He graduated cum laude at the Technical University Delft in 1989. A year later, he won the Archiprix for his Palazzo Pensile, a new royal palace for Queen Beatrix in Rotterdam. Shortly after, he started NOX-magazine with Maurice Nio, of which four issues were published in Dutch between 1991 and 1994 (A: Actiones in Distans, B: Biotech, C: Chloroform en D: Djihad). Since 1995, Lars Spuybroek is the sole principal of the office which carries the name NOX and creates buildings and artworks.
Lars Spuybroek broke onto the international scene of architecture with his water pavilion on the island of Neeltje Jans (1993–1997), a building consisting of two halves of which he designed the silvery freshwater part. The renowned architecture critic Charles Jencks qualified the building in The New Paradigm of Architecture as “yet to be surpassed.” The water pavilion is the first building that has an interactive interior where visitors can transform sound and lighting conditions by actively using sensors. It also has a so-called continuous geometry, where floors, walls and ceilings merge into a smooth whole. This form of blobitecture was later officially coined "non-standard architecture" at the large group exhibition of the same name at the Centre Pompidou (2003) in Paris. This architecture advocates a technological revolution where powerful computing-tools are deployed to replace simple repetition of elements by continuous variation. The computer is used as much in the design (CAD) as in the manufacture (CAM) and sometimes even in augmenting human experience. These techniques are extensively discussed in his books titled NOX: Machining Architecture (2004) and The Architecture of Continuity (2008).
Though the projects seem very experimental, in interviews Lars Spuybroek always rejects a connection to futurism (which generally refers to the car- or filmindustry) or organicism (referring to natural forms) and only points at historical examples. Among these are Gottfried Semper’s Der Stil (1852), Wilhelm Worringer’s Form in Gothic (1911) and William Hogarth’s The Analysis of Beauty (1753). Other influences that are often quoted are D'Arcy Thompson's On Growth and Form (1917) and the work of German architect-engineer Frei Otto. One of the traits common to all these is a sinuous complexity and delicacy of form, another that the aesthetics are more of feeling and bodily experience than of mental judgement. Blobs he dismisses as "uncontrolled variation" and being "at the low-end of architectural articulation." He has a strong belief in the cultural effects of new technologies: "Soon it will be possible to have completely unique parts in a built structure for a price that before would only be possible through huge amounts of repetition - a variable prefab, or as it is called in production terms, mass customization. We are dissolving the opposition between elitist handwork and machined parts, between emotionality and high-tech, between Art Nouveau and Bauhaus."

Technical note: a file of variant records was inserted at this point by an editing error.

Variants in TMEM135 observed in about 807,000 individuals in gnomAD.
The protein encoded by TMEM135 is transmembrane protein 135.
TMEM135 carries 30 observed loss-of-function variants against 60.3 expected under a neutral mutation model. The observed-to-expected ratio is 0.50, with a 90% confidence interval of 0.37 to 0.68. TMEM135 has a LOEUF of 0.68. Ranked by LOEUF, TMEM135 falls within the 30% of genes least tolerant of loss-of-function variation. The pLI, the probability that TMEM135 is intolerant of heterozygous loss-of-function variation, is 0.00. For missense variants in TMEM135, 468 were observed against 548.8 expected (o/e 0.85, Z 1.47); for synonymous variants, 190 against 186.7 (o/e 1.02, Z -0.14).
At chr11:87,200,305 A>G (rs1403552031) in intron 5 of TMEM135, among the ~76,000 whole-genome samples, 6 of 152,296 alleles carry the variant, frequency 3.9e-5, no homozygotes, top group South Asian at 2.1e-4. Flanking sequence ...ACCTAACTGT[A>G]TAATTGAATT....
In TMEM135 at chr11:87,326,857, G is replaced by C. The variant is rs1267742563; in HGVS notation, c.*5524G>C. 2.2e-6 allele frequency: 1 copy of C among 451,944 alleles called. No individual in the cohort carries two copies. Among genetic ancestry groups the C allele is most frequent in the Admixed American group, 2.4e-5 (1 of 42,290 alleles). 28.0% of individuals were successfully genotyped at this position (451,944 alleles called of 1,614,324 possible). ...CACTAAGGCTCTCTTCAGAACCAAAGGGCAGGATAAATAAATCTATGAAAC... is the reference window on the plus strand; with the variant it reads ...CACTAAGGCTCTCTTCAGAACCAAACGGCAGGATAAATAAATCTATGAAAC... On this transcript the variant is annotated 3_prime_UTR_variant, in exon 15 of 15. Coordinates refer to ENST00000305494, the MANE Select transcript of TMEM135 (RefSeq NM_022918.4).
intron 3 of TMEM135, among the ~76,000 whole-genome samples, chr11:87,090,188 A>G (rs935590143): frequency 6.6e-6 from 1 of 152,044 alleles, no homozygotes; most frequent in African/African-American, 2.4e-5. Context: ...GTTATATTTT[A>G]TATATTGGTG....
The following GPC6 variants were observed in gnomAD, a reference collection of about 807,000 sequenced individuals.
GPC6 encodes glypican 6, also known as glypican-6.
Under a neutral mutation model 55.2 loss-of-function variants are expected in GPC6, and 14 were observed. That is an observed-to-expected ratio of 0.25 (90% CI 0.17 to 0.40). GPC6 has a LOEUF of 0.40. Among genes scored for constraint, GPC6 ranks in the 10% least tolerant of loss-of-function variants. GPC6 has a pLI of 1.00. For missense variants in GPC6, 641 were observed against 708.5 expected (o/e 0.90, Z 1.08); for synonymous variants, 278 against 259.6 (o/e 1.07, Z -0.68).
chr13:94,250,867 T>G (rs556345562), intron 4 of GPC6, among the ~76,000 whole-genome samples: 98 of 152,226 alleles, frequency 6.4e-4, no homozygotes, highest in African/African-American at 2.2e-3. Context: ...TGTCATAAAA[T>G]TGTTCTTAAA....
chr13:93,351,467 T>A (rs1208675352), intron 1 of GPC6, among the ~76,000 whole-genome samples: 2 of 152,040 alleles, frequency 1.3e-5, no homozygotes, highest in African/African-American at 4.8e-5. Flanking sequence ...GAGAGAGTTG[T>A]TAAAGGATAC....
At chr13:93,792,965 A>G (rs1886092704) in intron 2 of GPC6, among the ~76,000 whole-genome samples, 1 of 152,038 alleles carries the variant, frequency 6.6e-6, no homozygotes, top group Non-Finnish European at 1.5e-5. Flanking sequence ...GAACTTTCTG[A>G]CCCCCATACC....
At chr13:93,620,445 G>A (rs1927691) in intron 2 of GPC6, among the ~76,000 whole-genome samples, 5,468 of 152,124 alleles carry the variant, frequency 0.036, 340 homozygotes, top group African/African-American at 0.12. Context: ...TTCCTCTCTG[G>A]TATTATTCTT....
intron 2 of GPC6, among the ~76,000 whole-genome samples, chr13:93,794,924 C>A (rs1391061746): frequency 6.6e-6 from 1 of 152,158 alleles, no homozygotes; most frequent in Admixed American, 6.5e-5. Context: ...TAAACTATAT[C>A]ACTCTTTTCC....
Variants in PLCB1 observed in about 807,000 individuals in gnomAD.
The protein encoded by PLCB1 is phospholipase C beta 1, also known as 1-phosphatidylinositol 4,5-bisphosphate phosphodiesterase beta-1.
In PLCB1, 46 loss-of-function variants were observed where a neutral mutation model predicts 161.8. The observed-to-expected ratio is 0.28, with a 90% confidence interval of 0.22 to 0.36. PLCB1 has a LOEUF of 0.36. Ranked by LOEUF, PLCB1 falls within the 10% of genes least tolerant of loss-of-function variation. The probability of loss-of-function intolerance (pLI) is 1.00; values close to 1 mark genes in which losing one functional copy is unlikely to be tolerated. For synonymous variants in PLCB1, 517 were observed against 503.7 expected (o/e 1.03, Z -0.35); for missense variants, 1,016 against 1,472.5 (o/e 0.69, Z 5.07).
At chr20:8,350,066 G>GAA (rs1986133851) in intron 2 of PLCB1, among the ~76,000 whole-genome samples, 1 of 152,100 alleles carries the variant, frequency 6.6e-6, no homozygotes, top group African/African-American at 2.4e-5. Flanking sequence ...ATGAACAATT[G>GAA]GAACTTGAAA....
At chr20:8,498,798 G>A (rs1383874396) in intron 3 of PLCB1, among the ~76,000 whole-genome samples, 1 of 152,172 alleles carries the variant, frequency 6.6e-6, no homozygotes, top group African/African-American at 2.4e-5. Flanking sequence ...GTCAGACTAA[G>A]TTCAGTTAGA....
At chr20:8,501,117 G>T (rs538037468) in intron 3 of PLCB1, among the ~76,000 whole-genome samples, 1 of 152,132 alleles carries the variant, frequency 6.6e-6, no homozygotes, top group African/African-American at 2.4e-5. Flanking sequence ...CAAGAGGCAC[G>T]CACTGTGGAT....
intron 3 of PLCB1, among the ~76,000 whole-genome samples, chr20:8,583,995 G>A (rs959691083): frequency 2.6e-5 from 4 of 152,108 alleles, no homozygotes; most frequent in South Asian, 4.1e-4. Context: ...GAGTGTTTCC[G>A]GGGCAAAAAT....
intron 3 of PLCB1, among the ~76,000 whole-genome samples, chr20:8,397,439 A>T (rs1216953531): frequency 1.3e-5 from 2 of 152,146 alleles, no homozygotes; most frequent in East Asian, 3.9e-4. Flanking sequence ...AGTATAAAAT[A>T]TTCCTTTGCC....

In 2001 his design for a new WTC in New York brought him renewed international attention. A few years later, in 2004, several works of Lars Spuybroek were completed. In France the Maison Folie de Wazemmes was opened, a cultural center at the heart of a derelict area in Lille. In the Netherlands the D-tower was completed, a large, interactive sculpture for the city of Doetinchem which he created together with Dutch artist Q.S. Serafijn. This tower connects directly to a website that surveys the emotional lives of the inhabitants. Close to Eindhoven, in the small city of Son-en-Breugel, the Son-O-House was opened, an interactive sound sculpture conceived together with composer Edwin van der Heide.